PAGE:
Sunday, 31 December 2017

Patrick Shaw-Stewart (1888 – 1917) – British

Patrick Houston Shaw-Stewart was born in Dolgelly, Merionethshire in Wales on 17th August 1888.  His parents were Major General John Heron Maxwell Shaw-Stewart, a retired, high-ranking British Army officer, and his wife Mary Catherine, nee Bedingfield.  He had a brother and two sisters.

Patrick was educated at Eton College before winning a Classical Scholarship to study at Balliol College, Oxford where one of his contemporaries was Julian Grenfell.

In London to work at Barings Bank, Patrick joined the Coterie poetry group.  The Coterie was a select group of Edwardian artists and intellectuals with members such as Diana Manners (Lady Diana Cooper) and Raymond Asquith. 

In America for business reasons in August 1914, Patrick returned to Britain and volunteered to join Winston Churchill’s recently created Royal Naval Division.  He was sent to Dunkirk, initially as an interpreter, then as Embarkation Officer.  He was then sent to “Hood Battalion”, where Rupert Brooke was a fellow officer.  When Rupert Brooke died and was buried on the Island of Skyros en route for Gallipoli, Patrick was in charge of the firing party at Rupert's funeral.

After service in the Gallipoli Campaign, Patrick was promoted to the rank of Lieutenant-Commander and posted to the Western Front in France in command of the Hood Battalion. He was killed in an area to the north of Cambrai on 30th December 1917. He was buried at Metz-en-Couture in the British Extension to the Communal Cemetery.  There is a memorial to the memory of Patrick Shaw-Stewart at Balliiol College Oxford, on the west wall of the Chapel passage.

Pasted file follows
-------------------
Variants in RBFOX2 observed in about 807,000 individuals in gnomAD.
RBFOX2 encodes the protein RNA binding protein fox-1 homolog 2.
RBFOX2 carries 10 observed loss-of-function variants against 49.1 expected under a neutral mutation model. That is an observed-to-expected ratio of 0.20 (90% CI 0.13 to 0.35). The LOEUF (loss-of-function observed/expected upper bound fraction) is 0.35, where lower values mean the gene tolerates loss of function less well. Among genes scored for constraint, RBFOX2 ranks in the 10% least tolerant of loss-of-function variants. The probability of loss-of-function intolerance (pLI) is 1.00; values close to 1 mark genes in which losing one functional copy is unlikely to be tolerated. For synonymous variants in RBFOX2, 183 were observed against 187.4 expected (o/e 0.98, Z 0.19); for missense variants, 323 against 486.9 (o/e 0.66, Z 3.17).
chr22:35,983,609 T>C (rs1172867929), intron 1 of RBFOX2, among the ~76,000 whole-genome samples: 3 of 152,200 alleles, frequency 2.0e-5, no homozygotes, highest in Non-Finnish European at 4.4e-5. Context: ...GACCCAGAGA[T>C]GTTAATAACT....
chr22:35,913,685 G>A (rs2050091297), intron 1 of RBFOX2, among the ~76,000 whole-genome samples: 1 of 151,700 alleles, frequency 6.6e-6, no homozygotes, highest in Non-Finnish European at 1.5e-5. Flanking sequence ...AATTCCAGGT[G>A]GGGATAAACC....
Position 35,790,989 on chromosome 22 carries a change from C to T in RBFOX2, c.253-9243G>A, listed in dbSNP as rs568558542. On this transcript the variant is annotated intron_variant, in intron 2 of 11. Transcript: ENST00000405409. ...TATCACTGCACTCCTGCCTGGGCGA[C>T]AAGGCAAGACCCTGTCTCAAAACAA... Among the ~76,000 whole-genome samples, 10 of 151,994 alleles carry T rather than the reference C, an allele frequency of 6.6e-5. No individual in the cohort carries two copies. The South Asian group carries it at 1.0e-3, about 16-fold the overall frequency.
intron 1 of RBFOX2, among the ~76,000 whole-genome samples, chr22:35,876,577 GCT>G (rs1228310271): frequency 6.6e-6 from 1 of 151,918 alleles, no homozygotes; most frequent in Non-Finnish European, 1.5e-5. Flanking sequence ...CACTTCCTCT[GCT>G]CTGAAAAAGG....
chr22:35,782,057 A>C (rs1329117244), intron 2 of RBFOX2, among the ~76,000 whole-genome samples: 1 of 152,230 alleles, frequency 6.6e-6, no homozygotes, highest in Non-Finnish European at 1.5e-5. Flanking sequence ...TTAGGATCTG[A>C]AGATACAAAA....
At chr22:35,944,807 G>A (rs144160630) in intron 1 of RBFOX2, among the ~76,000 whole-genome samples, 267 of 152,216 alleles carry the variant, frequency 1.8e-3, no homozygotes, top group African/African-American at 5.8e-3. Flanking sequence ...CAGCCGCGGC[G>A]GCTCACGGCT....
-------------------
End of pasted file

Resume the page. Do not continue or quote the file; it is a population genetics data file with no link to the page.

Patrick was awarded the Chevalier of the Legion of Honour – Croix de Guerre (France) for his services as a Liaison Officer with the French Headquarters.  His most famous poem is “Achilles in the Trench”, which was included in three WW1 anthologies.

Sources:  Wikipedia, Catherine W. Reilly “English Poetry of the First World War A Bibliography” (St. Martin’s Press, New York, 1978) and Anne Powell “A Deep Cry” (Palladour Books, Dyfed, 1993)

From "Achilles in the Trench"

Fair broke the day this morning
Upon the Dardanelles:
The breeze blew soft, the morn's cheeks
Were cold as cold sea-shells.

Published in "Vain Glory: a miscellany of the Great War", Cassell, London, 1937.